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5
uSer Interface layer
5.1 Understanding the UI Layer and Its Execution Framework
Interactive applications are implemented and executed using the user
interface (UI) software layers (collectively the UI layer). e UI layer
refers to a set of software that operates above the core operating sys-
tem (and underneath the application). It encapsulates and exposes sys-
tem functions for
Fluid input and output (I/O)
Facilitation of development of I/O functionalities (in the
form of an application programming interface/library [API]
or toolkit)
Run-time management of graphical applications and UI ele-
ments often manifested as windows or graphical user inter-
face (GUI) elements (in the form of separate application often
called the window manager)
Since most interfaces are graphical, the UI layer uses a two- or
three-dimensional (2-D or 3-D) graphical system based on which
GUI elements are implemented (lower part of Figure5.1). us, to
summarize, the UI layer is largely composed of (a) an API for creat-
ing and managing the user interface elements (e.g., windows, buttons,
menus) and (b) a window manager to allow users to operate and man-
age the applications through its own user interfaces.
Figure5.1 illustrates the UI layer as part of the system software
in many computing platforms. e user interacts with the window/
GUI-based applications using various input and output devices. At
the same time, aside from the general applications, the user inter-
acts with the computer and manages multiple application windows/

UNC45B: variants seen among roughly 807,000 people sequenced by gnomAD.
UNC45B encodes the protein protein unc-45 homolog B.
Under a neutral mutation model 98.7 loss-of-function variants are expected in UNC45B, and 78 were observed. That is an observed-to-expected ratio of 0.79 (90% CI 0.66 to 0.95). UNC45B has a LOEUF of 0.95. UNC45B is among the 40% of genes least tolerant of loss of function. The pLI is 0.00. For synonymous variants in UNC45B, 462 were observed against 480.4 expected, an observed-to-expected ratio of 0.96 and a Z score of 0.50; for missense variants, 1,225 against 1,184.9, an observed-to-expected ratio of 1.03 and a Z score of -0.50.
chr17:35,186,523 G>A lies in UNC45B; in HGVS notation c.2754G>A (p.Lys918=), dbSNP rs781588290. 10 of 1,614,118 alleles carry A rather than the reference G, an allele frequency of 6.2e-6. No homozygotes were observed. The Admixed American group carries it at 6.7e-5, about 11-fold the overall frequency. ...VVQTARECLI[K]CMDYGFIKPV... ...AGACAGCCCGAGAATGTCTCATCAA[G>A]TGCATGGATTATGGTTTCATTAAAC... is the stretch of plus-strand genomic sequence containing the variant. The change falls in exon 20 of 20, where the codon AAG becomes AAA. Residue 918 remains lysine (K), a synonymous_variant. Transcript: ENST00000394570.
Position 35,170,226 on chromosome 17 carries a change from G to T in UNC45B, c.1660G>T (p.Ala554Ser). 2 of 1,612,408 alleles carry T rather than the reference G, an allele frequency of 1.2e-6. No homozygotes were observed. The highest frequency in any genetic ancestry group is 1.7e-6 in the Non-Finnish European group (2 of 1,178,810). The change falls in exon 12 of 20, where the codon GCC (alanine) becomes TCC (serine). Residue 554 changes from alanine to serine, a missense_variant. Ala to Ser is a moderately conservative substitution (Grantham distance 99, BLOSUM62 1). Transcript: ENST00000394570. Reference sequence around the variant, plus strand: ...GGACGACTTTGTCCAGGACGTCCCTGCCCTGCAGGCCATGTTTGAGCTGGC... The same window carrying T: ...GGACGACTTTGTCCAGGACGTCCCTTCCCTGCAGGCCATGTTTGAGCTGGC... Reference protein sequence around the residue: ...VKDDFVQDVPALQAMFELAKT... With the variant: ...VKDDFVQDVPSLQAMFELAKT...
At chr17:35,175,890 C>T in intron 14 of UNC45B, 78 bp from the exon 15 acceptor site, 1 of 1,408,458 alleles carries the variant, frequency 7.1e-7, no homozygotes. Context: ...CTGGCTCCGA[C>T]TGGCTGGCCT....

tasks (e.g., resizing, focusing, cutting and pasting, etc.) using the
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Human–ComPuter InteraCtIon
(background running) window manager. e window manager is
regarded as both an application and API. User applications are devel-
oped using the APIs that represent abstracted I/O-related function-
alities of the UI layer, such as those for window managing (resizing,
iconifying, dragging, copy and paste, etc.), GUI elements and wid-
gets (windows, menus, buttons, etc.), and basic windowing (creat-
ing/destroying window, deactivating window, etc.). ese APIs are
abstracted from the even lower-level APIs for 2-D/3-D graphics and
the operating system. Note that the architecture described here can be
equally applied to nonwindow-based systems, such as those for layer-
based systems
*
(e.g., mobile phones). rough such an architecture
and abstraction, it becomes much easier to develop and implement
interactive applications and their user interfaces.
5.2 Input and Output at the Low Level
At the lowest level, inputs and outputs are handled by the interrupt
mechanism of the system software (operating system). An interrupt is
a signal to the processor indicating that an event (usually an I/O event)
*
e term layer refers to a full-screen interaction space, often used in small-display
computing platforms. Multiple layers (representing multiple interactive processes)
are possible. On smartphones, the layers are visible one at a time and can be switched
by the use of swiping gestures on the touch screen.
UI Software Layer
Window Manager System/API
GUI API (Toolkit)
Windowing API
Application
Input
Devices
Display
Devices
Application
Application
Graphics API
(Core) Operating System
Figure 5.1 User interface software layer for a window-based multitasking UI.

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